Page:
Consider Letters of Intent Carefully

21 September 2000
Letters of Intent are always non-binding documents. My clients are always telling me this. Apparently, it's what their Uncle Charlie told them. I have nothing against Uncle Charlie, but he's wrong. A Letter of Intent (LOI) could be the beginning of the end.

Over the last few years, being a technology lawyer has evolved into a practice with heavy involvement in the world of venture capital. It's simple. My clients often need funding.

One of those exciting moments for them is when they feel inches away from the Holy Grail - venture capital. At that point, among the many mistakes they make is setting aside their brains and common sense, along with their lawyer, so that they can get some real business done. Hello? Is their anybody home? You've never needed your brains, common sense and yes, even your lawyer, more!

My advice is that they slow down and take a deep breath. Yes, we've gone from concept to business plan to endless meetings with venture capitalists (VCs), and now we're almost there. Now is not the time to get giddy and stupid. Rather, it's the time to show some business maturity.

Remember that your VC is investing in you as much as, if not more than, your technology. Show them that you're seasoned and wise.

While you may be anxious to get your deal done, rarely is sophisticated business done with unsophisticated and barely negotiated documents. You should demonstrate your sophistication and business acumen by bringing the right lawyer to the negotiating table with you.

And guess what? The real negotiation starts with that Letter of Intent.

Letter of Intent Basics

"Letters of Intent" go by many names. They include "Expression of Interest," "Agreement in Principle," and "Memorandum of Understanding." For all practical purposes, they're all the same things.

An LOI is a written document which is usually in the form of a letter. In the LOI, the VC will typically outline the basic terms and conditions of the transaction.

There is no "typical level" of detail. I've seen one or two pagers and I've seen much longer LOIs.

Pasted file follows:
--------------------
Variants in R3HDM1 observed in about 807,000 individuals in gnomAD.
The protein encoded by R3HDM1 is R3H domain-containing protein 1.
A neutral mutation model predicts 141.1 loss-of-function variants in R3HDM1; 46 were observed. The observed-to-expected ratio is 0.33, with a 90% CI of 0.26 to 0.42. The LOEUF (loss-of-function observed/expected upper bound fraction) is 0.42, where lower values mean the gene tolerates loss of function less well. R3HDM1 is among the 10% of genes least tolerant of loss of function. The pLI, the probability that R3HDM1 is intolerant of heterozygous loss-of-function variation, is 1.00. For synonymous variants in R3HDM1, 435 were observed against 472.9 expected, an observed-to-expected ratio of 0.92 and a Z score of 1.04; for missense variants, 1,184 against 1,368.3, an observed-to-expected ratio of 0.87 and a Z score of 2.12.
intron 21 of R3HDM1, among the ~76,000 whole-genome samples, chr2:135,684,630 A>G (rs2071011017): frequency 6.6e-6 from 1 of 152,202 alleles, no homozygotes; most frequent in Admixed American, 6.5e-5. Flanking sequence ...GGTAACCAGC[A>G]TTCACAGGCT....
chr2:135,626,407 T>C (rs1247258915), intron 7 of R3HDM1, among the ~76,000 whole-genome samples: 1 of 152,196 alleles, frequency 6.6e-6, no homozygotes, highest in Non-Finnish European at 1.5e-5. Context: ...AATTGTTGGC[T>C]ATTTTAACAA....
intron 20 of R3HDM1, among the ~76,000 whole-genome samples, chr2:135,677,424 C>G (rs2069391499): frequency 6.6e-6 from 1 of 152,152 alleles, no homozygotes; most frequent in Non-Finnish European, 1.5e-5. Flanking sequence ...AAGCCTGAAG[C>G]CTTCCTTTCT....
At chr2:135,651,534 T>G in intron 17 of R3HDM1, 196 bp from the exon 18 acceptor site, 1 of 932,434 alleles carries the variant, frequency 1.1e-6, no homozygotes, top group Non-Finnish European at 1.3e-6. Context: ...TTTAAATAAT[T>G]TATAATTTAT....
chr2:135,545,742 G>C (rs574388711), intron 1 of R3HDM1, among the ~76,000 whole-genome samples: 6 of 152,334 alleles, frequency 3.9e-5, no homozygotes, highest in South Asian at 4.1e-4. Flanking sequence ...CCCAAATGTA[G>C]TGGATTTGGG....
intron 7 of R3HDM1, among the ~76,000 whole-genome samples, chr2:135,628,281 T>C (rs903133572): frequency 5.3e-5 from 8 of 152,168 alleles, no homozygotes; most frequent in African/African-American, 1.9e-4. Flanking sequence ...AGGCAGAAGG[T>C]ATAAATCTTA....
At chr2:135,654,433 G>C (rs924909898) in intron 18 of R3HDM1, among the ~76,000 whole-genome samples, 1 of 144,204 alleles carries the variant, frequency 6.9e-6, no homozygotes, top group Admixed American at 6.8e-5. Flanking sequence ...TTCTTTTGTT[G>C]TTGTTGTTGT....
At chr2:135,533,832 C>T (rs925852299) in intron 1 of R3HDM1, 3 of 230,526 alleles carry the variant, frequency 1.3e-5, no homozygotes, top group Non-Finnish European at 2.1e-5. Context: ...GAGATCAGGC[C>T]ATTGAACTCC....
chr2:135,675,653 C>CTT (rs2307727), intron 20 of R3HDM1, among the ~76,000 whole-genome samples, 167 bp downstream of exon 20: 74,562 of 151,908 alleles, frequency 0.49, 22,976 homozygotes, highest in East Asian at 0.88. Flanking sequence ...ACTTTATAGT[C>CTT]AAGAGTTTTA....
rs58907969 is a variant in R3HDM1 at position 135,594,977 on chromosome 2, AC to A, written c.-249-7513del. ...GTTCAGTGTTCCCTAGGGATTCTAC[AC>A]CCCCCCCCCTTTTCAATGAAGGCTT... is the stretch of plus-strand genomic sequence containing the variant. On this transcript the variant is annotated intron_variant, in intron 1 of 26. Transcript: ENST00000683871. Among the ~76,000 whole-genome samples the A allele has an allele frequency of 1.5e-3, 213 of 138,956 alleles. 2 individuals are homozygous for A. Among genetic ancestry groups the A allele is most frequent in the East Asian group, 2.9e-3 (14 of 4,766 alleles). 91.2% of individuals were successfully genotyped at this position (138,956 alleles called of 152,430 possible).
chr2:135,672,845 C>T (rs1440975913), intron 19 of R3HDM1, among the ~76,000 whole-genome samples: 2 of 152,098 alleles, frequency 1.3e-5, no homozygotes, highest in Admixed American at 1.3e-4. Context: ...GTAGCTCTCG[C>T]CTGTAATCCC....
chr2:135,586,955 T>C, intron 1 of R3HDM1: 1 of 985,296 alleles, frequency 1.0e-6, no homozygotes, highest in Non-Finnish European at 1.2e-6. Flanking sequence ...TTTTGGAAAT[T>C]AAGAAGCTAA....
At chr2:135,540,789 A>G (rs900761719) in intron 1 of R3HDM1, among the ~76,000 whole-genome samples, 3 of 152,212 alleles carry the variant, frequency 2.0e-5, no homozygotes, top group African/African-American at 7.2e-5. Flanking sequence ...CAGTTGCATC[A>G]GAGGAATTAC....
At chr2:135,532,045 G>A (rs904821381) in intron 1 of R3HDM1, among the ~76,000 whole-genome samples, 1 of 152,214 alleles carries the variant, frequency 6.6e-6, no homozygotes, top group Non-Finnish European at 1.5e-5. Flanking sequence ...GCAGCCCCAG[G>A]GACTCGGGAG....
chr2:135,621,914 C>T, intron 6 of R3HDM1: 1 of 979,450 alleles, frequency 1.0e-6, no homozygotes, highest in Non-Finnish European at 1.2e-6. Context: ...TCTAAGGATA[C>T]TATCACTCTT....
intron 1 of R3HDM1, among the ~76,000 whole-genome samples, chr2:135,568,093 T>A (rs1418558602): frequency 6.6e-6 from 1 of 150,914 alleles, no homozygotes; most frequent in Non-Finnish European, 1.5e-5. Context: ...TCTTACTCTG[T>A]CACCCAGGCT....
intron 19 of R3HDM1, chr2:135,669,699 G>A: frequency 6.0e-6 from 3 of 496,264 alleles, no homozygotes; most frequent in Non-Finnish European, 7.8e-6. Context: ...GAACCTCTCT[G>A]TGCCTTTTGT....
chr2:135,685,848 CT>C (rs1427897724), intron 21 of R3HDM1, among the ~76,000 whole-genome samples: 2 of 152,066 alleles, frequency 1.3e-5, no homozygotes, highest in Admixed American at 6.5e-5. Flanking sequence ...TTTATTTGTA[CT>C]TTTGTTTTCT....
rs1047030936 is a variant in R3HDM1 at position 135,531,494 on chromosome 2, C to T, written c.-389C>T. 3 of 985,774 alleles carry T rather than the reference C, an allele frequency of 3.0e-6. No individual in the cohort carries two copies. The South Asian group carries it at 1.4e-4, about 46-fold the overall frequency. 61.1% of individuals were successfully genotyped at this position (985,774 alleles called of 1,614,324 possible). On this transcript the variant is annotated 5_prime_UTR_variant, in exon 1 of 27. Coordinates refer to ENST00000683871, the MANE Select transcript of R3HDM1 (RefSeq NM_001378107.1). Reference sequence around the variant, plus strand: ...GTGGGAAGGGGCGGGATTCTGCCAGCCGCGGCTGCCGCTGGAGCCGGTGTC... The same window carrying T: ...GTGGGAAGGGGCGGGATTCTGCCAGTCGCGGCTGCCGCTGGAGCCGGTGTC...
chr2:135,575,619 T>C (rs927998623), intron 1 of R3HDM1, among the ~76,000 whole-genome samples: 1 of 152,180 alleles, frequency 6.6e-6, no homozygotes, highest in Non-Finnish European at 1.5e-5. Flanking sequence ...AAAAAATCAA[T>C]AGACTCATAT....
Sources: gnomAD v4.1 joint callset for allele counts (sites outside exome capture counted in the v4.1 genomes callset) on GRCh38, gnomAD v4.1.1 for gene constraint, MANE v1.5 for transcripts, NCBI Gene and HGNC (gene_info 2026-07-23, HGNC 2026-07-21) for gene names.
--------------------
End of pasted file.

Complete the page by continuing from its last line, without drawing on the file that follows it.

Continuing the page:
Uncle Charlie notwithstanding, an LOI may be a binding contract. It depends on the intent of the parties and what the document says about it being a binding agreement.

It's a common misconception that if you take a contract, add the words "Letter of Intent" to the top, and write it so that it "looks" like "just" a letter and not a contract, you've now created something less than a binding contract. That's just simply wrong.

While it's true that calling it an LOI may be evidence that the parties did not intend be bound by the terms of the LOI, it may not carry the day in a courtroom if the words of the document read like a binding contract.

This is truly not a complex point. I harp on it only because my experience as a practicing lawyer tells me that even sophisticated clients don't get this point. Moreover, it's an easy problem to fix.

Binding or Not?

Sometimes, you want some of your LOI to be binding. For example, you may want the non-disclosure obligations to be binding whether you close the contemplated deal or not. Still, you may not want the LOI to require you to close the deal with the VC because you haven't yet agreed to or even discussed many of the provisions which will eventually be in the comprehensive agreement.

Ending the mystery of "binding or not" is as simple as clearly stating your intent in the LOI. While it's not quite as straightforward as just saying, "This is not a binding agreement," it's also not rocket science.

It's just that there are issues related to binding versus non-binding that you should generally address in your LOI. For example, who will be responsible for expenses if the deal never closes? Is any broker's or finder's fee implicated because of the LOI? Is the LOI an agreement to negotiate in good faith or is it just a document which is a part of the negotiating process, and not meant to even create an obligation to negotiate.